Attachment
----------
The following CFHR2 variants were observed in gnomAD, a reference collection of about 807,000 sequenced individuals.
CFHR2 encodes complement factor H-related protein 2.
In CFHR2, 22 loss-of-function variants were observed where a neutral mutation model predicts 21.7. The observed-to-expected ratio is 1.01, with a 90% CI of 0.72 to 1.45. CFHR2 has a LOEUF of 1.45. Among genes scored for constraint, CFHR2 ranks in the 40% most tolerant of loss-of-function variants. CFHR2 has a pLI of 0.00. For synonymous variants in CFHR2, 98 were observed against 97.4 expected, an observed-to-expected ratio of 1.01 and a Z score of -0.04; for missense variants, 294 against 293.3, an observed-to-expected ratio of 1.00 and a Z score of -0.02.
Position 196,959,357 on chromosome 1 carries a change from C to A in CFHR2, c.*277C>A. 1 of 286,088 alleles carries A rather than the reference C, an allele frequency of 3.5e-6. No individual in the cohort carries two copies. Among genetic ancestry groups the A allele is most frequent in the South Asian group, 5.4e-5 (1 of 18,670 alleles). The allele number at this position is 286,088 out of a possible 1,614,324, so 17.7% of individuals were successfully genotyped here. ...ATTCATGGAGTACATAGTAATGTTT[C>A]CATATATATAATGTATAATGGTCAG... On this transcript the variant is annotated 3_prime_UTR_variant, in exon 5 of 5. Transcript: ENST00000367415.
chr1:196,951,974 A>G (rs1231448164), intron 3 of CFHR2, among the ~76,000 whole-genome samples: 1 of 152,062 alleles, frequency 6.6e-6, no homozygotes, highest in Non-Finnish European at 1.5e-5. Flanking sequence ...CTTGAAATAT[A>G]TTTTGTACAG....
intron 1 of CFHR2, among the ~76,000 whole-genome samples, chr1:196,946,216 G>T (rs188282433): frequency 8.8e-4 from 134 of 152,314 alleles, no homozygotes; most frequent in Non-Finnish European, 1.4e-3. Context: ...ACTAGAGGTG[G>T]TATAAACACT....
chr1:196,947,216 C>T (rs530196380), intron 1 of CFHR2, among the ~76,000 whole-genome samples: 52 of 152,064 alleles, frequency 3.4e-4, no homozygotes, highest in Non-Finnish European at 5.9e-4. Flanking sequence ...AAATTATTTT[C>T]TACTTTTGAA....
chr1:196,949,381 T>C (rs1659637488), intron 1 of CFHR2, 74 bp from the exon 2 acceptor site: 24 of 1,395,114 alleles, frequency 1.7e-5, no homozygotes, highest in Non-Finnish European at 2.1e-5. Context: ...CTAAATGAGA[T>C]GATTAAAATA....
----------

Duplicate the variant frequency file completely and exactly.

The following CFHR2 variants were observed in gnomAD, a reference collection of about 807,000 sequenced individuals.
CFHR2 encodes complement factor H-related protein 2.
In CFHR2, 22 loss-of-function variants were observed where a neutral mutation model predicts 21.7. The observed-to-expected ratio is 1.01, with a 90% CI of 0.72 to 1.45. CFHR2 has a LOEUF of 1.45. Among genes scored for constraint, CFHR2 ranks in the 40% most tolerant of loss-of-function variants. CFHR2 has a pLI of 0.00. For synonymous variants in CFHR2, 98 were observed against 97.4 expected, an observed-to-expected ratio of 1.01 and a Z score of -0.04; for missense variants, 294 against 293.3, an observed-to-expected ratio of 1.00 and a Z score of -0.02.
Position 196,959,357 on chromosome 1 carries a change from C to A in CFHR2, c.*277C>A. 1 of 286,088 alleles carries A rather than the reference C, an allele frequency of 3.5e-6. No individual in the cohort carries two copies. Among genetic ancestry groups the A allele is most frequent in the South Asian group, 5.4e-5 (1 of 18,670 alleles). The allele number at this position is 286,088 out of a possible 1,614,324, so 17.7% of individuals were successfully genotyped here. ...ATTCATGGAGTACATAGTAATGTTT[C>A]CATATATATAATGTATAATGGTCAG... On this transcript the variant is annotated 3_prime_UTR_variant, in exon 5 of 5. Transcript: ENST00000367415.
chr1:196,951,974 A>G (rs1231448164), intron 3 of CFHR2, among the ~76,000 whole-genome samples: 1 of 152,062 alleles, frequency 6.6e-6, no homozygotes, highest in Non-Finnish European at 1.5e-5. Flanking sequence ...CTTGAAATAT[A>G]TTTTGTACAG....
intron 1 of CFHR2, among the ~76,000 whole-genome samples, chr1:196,946,216 G>T (rs188282433): frequency 8.8e-4 from 134 of 152,314 alleles, no homozygotes; most frequent in Non-Finnish European, 1.4e-3. Context: ...ACTAGAGGTG[G>T]TATAAACACT....
chr1:196,947,216 C>T (rs530196380), intron 1 of CFHR2, among the ~76,000 whole-genome samples: 52 of 152,064 alleles, frequency 3.4e-4, no homozygotes, highest in Non-Finnish European at 5.9e-4. Flanking sequence ...AAATTATTTT[C>T]TACTTTTGAA....
chr1:196,949,381 T>C (rs1659637488), intron 1 of CFHR2, 74 bp from the exon 2 acceptor site: 24 of 1,395,114 alleles, frequency 1.7e-5, no homozygotes, highest in Non-Finnish European at 2.1e-5. Context: ...CTAAATGAGA[T>C]GATTAAAATA....